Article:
By looking at the nature of criminalization in multiple countries in the Americas in connection with Canadian extractive industries and in the context of the extractivist model today, we can note the following four points:
1. Criminalization of dissent
▷ We see this repression intensifying over time.
▷ While criminalization takes a toll on the work of land and environment defenders, corporations continue committing abuses with impunity and with their economic interests intact.
2. Role of the state in supporting the extractive industry
▷ Laws and justice are applied and reformed in a biased fashion to favour the interests of extractivist projects.
▷ The justice system is stacked in favour of companies over people and affected communities.
▷ Government resources are deployed to further corporate interests.
3. Canadian government support for the extractive industry abroad
▷ The Canadian government uses diplomatic services, aid money, and foreign policy to aid companies.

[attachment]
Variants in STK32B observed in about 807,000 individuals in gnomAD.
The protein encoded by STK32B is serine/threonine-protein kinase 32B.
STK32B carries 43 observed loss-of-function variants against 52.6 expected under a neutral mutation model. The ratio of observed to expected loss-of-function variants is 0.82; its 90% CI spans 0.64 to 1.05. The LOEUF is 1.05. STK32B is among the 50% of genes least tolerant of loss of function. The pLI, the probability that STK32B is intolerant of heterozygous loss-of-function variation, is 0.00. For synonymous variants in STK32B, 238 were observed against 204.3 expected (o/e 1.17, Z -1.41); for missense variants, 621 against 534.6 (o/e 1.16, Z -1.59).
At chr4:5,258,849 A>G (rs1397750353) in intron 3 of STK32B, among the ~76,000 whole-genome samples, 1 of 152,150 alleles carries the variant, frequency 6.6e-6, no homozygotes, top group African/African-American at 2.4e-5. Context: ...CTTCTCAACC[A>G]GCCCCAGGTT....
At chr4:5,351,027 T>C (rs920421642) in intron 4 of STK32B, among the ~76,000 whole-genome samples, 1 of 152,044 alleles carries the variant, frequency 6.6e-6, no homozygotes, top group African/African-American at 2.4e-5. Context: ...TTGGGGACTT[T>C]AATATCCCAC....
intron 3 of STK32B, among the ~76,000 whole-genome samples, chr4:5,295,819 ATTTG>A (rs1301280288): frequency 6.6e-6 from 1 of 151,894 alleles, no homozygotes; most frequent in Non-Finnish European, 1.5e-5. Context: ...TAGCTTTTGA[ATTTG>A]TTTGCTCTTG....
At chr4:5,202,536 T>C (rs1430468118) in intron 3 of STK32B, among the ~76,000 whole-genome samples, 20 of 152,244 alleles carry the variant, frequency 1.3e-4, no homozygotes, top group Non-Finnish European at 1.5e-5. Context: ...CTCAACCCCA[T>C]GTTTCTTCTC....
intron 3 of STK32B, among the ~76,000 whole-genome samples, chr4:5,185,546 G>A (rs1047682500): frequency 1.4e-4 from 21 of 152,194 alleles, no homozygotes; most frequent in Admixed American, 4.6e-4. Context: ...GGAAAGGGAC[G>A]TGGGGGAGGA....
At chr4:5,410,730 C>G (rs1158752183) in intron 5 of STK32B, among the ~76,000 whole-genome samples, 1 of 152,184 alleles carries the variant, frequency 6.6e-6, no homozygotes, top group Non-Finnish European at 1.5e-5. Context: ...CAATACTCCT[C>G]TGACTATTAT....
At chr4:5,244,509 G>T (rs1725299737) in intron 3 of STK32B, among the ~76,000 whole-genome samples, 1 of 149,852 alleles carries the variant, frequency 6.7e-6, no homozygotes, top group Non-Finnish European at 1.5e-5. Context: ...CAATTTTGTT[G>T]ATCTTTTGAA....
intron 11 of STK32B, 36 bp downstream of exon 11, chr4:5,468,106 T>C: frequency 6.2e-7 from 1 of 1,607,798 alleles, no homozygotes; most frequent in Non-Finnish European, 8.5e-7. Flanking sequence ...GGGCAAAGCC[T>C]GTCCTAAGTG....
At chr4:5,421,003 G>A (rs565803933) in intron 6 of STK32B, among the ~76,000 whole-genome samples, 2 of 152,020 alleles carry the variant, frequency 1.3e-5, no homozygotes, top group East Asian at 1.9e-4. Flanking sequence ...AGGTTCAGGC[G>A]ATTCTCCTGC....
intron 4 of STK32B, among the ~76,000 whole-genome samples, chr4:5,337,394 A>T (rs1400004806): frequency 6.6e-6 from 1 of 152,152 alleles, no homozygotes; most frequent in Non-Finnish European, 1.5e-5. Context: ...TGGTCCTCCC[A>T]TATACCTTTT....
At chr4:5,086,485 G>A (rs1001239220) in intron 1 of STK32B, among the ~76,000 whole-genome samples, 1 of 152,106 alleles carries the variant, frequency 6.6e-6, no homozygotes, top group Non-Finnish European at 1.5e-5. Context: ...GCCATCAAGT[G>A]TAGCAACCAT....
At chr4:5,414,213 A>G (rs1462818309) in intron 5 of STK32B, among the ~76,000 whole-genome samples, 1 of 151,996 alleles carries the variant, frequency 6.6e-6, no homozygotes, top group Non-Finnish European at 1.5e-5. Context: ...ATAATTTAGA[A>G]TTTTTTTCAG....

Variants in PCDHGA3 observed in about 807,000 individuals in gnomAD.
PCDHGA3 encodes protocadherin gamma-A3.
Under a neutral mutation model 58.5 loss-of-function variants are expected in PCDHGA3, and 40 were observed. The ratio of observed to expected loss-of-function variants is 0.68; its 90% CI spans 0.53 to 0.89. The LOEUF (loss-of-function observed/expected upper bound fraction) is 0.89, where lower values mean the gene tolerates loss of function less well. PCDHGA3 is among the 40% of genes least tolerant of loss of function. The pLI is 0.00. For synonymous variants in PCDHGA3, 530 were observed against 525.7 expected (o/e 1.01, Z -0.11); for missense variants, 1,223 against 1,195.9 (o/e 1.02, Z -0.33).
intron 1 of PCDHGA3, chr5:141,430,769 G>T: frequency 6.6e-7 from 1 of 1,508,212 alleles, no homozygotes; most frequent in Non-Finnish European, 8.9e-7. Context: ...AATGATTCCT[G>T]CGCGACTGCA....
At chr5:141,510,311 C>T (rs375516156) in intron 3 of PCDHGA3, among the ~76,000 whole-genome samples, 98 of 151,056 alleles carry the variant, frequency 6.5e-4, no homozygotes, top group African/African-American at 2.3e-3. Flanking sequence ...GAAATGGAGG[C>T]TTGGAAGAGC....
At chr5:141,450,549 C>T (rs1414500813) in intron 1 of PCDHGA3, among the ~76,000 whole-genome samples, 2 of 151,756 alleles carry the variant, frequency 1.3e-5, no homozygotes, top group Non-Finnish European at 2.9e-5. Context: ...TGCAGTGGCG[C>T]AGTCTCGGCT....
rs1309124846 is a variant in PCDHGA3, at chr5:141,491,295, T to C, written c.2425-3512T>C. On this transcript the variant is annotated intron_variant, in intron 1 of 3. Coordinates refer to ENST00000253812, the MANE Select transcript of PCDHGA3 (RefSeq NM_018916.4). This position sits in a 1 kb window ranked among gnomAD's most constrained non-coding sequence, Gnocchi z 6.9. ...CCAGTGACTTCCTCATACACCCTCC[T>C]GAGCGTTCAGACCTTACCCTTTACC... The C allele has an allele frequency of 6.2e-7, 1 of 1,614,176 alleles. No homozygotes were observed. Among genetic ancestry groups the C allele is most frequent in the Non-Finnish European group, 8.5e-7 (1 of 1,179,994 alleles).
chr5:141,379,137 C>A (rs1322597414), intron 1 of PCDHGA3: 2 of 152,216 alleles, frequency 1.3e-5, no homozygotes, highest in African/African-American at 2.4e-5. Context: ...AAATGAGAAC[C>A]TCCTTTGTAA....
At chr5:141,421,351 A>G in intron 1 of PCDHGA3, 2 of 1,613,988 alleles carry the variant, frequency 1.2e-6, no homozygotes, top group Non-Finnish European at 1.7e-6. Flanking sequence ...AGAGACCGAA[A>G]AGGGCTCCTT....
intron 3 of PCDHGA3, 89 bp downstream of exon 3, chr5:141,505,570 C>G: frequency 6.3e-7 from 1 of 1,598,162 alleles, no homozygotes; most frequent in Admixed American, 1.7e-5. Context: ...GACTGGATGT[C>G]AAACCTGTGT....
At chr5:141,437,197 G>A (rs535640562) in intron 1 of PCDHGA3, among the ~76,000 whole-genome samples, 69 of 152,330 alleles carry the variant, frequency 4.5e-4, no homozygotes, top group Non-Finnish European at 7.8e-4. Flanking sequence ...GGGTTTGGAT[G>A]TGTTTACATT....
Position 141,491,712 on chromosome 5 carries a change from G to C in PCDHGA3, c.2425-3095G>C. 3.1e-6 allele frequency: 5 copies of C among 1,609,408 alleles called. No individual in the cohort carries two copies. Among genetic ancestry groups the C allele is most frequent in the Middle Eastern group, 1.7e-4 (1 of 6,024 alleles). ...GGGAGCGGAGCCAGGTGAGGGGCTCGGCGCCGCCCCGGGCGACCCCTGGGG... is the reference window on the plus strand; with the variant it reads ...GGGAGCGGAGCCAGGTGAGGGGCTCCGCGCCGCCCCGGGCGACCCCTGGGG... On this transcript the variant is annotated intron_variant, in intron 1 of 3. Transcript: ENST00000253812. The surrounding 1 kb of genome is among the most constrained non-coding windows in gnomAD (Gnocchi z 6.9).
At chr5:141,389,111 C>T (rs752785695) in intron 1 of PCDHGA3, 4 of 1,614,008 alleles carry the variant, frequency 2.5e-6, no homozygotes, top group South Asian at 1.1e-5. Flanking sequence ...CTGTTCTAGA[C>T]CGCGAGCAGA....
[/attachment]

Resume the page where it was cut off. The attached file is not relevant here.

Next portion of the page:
▷ Canadian Embassies, overseas development aid and trade pacts have all been used to justify Canadian mining projects.
▷ The Canadian Government lobbies in favour of profit over the well-being of mining-affected communities.
4. Canada supports deregulation and repression within its own borders to favour extractivism
▷ Groups opposed to government policy, particularly surrounding the development of the energy and extractive sectors, have been infiltrated and the object of surveillance by both CSIS and the RCMP.
▷ First Nations activists have been targeted and been the object of special spy operations carried out by the Canadian military during assessment of projects such as the Northern Gateway Pipeline. Intelligence gathered is shared with energy companies during private briefings by security agencies, including CSIS.